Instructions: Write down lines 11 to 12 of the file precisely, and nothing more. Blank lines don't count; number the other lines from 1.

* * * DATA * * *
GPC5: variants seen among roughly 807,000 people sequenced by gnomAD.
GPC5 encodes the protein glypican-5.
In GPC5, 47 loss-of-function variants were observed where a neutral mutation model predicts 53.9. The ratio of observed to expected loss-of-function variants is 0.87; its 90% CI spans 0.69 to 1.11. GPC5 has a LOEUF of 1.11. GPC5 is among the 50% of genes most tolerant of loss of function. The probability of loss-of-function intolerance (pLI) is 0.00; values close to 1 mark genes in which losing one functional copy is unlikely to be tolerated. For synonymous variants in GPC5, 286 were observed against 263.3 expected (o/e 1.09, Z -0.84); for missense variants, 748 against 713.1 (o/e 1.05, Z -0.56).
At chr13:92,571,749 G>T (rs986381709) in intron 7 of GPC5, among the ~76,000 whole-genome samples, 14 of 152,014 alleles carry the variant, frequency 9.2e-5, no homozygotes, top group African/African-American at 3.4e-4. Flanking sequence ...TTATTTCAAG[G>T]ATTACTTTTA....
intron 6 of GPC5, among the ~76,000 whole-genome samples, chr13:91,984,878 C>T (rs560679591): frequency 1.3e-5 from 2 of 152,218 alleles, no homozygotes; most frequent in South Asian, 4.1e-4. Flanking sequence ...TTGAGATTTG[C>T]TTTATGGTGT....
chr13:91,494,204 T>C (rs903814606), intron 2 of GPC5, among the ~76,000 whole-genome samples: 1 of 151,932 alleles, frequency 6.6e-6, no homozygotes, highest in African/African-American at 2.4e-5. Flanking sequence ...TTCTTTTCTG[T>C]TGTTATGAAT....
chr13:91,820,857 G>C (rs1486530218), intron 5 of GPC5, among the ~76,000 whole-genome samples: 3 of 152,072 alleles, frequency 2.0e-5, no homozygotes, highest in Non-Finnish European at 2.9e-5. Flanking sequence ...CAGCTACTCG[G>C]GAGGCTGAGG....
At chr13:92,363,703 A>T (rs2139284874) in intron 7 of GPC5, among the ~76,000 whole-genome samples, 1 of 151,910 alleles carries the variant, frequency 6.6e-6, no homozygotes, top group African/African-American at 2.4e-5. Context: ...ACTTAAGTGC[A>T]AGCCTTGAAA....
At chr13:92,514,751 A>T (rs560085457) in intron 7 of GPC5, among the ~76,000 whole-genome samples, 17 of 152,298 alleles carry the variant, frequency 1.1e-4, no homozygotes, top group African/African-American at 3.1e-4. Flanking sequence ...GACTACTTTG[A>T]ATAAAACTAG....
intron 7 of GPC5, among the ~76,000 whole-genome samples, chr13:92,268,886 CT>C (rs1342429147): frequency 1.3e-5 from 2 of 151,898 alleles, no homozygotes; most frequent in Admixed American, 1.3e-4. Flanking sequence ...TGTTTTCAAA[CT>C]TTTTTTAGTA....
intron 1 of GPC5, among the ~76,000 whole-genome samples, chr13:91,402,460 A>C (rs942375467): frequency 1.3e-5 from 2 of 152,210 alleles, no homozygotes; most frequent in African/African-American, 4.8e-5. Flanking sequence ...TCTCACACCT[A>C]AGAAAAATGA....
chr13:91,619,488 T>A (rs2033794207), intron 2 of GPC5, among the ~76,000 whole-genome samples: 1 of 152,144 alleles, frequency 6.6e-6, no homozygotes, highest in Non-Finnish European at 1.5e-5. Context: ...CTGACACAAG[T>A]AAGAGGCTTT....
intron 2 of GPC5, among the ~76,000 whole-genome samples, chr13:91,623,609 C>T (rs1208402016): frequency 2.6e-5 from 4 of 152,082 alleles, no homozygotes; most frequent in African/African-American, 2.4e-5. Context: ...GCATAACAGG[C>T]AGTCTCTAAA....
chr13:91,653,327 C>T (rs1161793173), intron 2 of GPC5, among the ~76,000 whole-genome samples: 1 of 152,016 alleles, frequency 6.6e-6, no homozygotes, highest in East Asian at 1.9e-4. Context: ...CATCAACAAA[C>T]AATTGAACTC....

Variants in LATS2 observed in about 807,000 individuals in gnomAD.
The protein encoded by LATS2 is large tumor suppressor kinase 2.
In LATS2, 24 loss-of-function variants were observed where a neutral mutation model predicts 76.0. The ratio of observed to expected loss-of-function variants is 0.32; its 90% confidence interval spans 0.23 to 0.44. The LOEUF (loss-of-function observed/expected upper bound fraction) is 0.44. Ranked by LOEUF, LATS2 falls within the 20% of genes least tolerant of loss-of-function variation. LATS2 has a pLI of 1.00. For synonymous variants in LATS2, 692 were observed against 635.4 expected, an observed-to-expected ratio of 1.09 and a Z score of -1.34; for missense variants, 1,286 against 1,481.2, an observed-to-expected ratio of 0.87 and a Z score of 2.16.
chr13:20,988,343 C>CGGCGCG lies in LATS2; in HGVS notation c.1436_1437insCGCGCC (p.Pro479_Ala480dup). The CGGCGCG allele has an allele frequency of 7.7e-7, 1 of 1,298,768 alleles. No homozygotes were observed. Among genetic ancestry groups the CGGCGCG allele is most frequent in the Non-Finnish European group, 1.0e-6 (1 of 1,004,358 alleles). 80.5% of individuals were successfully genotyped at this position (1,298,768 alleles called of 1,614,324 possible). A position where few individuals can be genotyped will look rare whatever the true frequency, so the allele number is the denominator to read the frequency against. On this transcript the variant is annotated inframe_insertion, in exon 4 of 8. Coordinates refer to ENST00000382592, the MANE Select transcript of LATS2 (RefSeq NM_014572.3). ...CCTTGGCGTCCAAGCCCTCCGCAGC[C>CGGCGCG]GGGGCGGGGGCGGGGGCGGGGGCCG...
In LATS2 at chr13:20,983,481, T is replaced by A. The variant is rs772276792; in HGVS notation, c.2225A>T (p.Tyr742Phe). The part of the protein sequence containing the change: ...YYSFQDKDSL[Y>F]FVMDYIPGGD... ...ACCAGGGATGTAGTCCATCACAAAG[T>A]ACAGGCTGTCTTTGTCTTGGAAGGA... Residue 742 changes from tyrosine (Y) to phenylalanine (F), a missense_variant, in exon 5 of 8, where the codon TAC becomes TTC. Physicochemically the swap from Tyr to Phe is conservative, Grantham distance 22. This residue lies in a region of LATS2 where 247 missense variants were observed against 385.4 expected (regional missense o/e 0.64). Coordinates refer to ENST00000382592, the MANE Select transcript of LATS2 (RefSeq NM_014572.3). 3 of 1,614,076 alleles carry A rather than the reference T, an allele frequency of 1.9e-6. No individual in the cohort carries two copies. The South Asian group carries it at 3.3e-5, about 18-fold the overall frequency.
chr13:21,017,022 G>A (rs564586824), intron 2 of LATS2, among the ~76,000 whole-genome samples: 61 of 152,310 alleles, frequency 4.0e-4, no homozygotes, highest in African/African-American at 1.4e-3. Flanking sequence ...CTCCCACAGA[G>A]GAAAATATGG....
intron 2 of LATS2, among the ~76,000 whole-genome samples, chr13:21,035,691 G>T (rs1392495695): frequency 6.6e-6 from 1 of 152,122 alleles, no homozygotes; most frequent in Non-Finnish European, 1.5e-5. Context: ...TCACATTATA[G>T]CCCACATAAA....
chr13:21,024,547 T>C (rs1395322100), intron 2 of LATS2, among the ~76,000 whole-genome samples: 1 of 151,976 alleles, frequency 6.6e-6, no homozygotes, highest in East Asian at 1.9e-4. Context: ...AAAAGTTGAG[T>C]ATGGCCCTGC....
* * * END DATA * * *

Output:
intron 1 of GPC5, among the ~76,000 whole-genome samples, chr13:91,402,460 A>C (rs942375467): frequency 1.3e-5 from 2 of 152,210 alleles, no homozygotes; most frequent in African/African-American, 4.8e-5. Flanking sequence ...TCTCACACCT[A>C]AGAAAAATGA....
chr13:91,619,488 T>A (rs2033794207), intron 2 of GPC5, among the ~76,000 whole-genome samples: 1 of 152,144 alleles, frequency 6.6e-6, no homozygotes, highest in Non-Finnish European at 1.5e-5. Context: ...CTGACACAAG[T>A]AAGAGGCTTT....